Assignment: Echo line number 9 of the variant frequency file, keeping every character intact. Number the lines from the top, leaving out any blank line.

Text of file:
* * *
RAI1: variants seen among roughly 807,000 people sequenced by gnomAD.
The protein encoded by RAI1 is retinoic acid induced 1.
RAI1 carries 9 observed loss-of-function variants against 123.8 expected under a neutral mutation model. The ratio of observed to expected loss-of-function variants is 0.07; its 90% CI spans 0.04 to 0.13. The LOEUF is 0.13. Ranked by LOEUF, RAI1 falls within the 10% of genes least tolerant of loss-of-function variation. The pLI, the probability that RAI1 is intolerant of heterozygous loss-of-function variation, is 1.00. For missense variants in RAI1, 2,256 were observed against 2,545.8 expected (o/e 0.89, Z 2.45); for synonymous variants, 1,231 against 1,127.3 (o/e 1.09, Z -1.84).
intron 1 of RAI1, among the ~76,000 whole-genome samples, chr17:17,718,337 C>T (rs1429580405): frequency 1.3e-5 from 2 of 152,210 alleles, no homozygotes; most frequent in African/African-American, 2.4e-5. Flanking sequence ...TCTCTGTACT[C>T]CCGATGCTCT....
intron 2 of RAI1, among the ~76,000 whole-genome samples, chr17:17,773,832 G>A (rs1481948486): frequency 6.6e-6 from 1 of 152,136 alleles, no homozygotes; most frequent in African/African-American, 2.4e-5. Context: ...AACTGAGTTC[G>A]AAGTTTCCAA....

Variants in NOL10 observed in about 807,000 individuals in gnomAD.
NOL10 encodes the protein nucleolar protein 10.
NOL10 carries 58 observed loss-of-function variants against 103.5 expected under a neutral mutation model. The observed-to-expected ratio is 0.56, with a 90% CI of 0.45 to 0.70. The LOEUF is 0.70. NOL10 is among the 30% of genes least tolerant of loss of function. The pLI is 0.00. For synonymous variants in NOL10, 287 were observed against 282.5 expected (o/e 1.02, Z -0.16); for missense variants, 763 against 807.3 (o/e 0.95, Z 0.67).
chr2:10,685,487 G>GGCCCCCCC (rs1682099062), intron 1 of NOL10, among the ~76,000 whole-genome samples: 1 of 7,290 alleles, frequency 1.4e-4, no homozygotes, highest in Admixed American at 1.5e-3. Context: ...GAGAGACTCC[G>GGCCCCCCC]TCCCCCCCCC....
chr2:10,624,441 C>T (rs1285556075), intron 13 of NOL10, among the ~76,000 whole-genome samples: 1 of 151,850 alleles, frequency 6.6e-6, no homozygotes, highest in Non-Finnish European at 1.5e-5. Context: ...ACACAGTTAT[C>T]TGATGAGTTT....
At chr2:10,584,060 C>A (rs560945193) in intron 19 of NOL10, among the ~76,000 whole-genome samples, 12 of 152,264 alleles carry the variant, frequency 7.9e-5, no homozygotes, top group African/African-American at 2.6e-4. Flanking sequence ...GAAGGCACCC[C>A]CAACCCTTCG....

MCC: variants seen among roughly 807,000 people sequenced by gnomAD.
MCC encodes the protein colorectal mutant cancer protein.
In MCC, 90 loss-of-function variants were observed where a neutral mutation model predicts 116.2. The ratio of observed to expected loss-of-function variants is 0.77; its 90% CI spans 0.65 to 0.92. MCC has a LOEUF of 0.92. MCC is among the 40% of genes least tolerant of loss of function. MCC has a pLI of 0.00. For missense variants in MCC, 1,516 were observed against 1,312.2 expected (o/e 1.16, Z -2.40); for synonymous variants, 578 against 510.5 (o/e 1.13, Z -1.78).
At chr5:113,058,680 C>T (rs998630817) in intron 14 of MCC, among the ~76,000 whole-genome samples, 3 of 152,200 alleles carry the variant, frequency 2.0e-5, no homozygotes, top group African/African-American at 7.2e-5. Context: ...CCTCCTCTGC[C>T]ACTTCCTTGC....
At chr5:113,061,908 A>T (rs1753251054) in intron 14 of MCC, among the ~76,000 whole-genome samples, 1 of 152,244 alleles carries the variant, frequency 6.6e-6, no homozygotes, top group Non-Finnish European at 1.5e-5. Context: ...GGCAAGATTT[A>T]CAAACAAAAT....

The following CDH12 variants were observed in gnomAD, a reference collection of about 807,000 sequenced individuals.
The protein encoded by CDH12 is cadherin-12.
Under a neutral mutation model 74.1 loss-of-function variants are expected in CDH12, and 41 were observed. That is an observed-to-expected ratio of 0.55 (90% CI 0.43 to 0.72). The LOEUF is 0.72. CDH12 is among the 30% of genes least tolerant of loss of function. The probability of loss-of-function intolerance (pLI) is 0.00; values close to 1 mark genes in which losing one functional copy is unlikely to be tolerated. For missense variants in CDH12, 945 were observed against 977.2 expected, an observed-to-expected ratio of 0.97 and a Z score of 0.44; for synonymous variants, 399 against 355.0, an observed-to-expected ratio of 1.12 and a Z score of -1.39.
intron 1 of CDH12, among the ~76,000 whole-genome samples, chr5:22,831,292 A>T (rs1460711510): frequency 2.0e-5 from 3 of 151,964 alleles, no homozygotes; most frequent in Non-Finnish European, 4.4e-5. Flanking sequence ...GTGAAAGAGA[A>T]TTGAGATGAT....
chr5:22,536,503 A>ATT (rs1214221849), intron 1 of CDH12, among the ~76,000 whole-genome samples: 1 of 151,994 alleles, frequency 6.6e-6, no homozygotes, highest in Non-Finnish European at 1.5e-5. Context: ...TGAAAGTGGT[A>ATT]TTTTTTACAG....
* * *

chr2:10,685,487 G>GGCCCCCCC (rs1682099062), intron 1 of NOL10, among the ~76,000 whole-genome samples: 1 of 7,290 alleles, frequency 1.4e-4, no homozygotes, highest in Admixed American at 1.5e-3. Context: ...GAGAGACTCC[G>GGCCCCCCC]TCCCCCCCCC....